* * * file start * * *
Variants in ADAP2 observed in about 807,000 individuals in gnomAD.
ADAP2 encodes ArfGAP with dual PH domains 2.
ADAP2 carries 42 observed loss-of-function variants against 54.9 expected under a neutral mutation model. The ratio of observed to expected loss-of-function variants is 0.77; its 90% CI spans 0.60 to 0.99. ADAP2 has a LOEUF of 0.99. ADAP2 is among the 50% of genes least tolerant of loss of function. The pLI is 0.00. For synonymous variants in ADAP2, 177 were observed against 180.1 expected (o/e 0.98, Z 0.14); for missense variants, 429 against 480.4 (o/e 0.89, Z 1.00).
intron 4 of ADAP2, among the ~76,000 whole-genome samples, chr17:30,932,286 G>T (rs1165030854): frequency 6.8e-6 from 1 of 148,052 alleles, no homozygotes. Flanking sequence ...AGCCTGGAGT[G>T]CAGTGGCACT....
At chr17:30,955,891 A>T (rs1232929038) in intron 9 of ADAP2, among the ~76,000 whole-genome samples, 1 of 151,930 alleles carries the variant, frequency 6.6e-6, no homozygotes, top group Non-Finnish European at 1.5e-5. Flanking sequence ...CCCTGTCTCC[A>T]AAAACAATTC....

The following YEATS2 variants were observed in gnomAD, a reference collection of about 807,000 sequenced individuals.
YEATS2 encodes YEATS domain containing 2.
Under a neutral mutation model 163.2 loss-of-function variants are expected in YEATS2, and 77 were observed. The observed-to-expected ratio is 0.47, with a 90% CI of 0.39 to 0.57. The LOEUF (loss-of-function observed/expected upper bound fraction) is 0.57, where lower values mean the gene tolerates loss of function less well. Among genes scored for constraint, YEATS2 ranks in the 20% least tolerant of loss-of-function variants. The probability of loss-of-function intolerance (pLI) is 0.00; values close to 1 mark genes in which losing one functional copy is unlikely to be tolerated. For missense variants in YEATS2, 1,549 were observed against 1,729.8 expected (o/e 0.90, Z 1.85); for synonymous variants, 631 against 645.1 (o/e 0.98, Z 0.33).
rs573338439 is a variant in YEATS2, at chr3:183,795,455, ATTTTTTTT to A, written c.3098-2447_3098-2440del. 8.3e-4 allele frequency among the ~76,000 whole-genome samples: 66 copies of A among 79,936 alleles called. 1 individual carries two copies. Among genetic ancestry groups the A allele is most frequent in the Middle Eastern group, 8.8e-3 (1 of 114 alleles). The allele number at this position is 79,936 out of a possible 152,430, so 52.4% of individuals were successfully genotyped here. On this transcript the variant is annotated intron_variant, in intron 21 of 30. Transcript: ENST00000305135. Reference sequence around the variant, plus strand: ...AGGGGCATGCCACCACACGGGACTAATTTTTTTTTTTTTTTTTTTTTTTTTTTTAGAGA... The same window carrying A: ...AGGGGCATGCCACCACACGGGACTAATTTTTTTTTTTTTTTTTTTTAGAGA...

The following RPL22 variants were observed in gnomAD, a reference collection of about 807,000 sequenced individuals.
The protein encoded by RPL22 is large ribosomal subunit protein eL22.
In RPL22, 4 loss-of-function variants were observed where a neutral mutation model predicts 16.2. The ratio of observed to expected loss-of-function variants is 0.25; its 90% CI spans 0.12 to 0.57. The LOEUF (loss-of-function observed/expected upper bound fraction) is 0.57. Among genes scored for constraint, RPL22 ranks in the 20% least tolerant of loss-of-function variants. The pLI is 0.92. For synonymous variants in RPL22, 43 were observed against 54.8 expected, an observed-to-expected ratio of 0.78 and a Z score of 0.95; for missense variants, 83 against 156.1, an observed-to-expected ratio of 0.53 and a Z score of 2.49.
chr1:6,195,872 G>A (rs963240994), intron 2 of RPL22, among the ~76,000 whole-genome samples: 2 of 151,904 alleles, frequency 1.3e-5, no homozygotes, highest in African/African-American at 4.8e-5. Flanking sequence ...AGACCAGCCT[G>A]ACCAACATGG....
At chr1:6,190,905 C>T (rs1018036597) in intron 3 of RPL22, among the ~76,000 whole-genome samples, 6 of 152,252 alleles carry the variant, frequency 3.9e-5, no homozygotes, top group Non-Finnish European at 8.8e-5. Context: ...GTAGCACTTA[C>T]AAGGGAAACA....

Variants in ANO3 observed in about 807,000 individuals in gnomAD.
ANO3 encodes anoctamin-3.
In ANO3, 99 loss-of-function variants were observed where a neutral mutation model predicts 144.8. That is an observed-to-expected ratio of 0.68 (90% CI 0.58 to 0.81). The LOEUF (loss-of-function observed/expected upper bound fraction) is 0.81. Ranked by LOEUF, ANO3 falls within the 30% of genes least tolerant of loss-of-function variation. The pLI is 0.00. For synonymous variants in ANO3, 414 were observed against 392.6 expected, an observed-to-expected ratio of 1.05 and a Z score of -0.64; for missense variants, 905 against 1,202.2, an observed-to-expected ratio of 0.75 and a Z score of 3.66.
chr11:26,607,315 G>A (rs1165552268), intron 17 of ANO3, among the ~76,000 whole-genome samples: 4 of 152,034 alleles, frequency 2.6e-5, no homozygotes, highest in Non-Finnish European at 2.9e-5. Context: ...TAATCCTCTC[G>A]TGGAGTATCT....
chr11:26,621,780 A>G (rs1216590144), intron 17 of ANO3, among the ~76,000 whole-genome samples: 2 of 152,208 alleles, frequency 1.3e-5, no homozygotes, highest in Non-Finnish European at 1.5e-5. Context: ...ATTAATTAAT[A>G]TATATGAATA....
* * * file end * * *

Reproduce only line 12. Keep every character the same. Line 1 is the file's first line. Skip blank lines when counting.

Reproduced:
In RPL22, 4 loss-of-function variants were observed where a neutral mutation model predicts 16.2. The ratio of observed to expected loss-of-function variants is 0.25; its 90% CI spans 0.12 to 0.57. The LOEUF (loss-of-function observed/expected upper bound fraction) is 0.57. Among genes scored for constraint, RPL22 ranks in the 20% least tolerant of loss-of-function variants. The pLI is 0.92. For synonymous variants in RPL22, 43 were observed against 54.8 expected, an observed-to-expected ratio of 0.78 and a Z score of 0.95; for missense variants, 83 against 156.1, an observed-to-expected ratio of 0.53 and a Z score of 2.49.